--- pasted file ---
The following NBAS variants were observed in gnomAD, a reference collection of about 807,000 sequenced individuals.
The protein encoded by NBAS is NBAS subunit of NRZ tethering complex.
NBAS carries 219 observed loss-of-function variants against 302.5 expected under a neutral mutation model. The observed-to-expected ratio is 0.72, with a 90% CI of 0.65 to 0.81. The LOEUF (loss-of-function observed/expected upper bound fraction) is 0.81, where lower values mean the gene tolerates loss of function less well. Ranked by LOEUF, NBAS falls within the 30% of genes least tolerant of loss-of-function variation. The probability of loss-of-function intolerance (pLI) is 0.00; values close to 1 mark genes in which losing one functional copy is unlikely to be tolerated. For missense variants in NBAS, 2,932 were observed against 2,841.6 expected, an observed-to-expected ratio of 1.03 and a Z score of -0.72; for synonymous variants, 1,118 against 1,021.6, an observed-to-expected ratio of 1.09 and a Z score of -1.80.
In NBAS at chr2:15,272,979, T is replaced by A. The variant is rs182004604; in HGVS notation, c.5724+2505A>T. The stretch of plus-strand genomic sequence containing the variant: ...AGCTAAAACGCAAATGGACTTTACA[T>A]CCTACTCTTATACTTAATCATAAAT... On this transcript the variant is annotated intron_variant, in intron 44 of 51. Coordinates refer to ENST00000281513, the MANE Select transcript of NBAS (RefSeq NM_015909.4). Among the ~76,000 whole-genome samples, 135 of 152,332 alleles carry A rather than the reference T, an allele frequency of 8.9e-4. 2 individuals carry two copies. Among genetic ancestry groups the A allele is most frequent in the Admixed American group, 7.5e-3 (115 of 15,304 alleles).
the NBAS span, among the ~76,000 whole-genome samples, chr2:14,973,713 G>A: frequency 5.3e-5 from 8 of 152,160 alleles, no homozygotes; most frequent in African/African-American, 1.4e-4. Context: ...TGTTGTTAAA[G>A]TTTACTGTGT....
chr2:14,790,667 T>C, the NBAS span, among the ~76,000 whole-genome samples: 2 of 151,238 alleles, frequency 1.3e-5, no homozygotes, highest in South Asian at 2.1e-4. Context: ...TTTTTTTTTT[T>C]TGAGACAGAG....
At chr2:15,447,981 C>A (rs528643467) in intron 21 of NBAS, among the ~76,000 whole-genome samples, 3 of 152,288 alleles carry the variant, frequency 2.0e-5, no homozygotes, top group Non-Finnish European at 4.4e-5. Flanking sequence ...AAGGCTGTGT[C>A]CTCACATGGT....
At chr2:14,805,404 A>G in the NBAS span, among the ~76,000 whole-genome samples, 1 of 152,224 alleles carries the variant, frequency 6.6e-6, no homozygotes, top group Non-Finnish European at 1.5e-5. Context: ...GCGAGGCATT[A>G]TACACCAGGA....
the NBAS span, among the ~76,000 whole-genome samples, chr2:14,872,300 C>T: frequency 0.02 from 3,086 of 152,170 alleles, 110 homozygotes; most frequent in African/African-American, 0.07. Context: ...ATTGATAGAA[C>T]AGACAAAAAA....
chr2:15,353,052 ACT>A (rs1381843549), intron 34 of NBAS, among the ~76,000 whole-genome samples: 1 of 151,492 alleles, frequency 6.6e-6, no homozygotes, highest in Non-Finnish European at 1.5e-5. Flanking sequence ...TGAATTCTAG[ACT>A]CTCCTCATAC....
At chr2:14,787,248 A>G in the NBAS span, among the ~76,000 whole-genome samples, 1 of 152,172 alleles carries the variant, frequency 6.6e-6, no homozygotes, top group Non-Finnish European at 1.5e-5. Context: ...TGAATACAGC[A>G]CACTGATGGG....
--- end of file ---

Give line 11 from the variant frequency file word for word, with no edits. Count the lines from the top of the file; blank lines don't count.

At chr2:14,787,248 A>G in the NBAS span, among the ~76,000 whole-genome samples, 1 of 152,172 alleles carries the variant, frequency 6.6e-6, no homozygotes, top group Non-Finnish European at 1.5e-5. Context: ...TGAATACAGC[A>G]CACTGATGGG....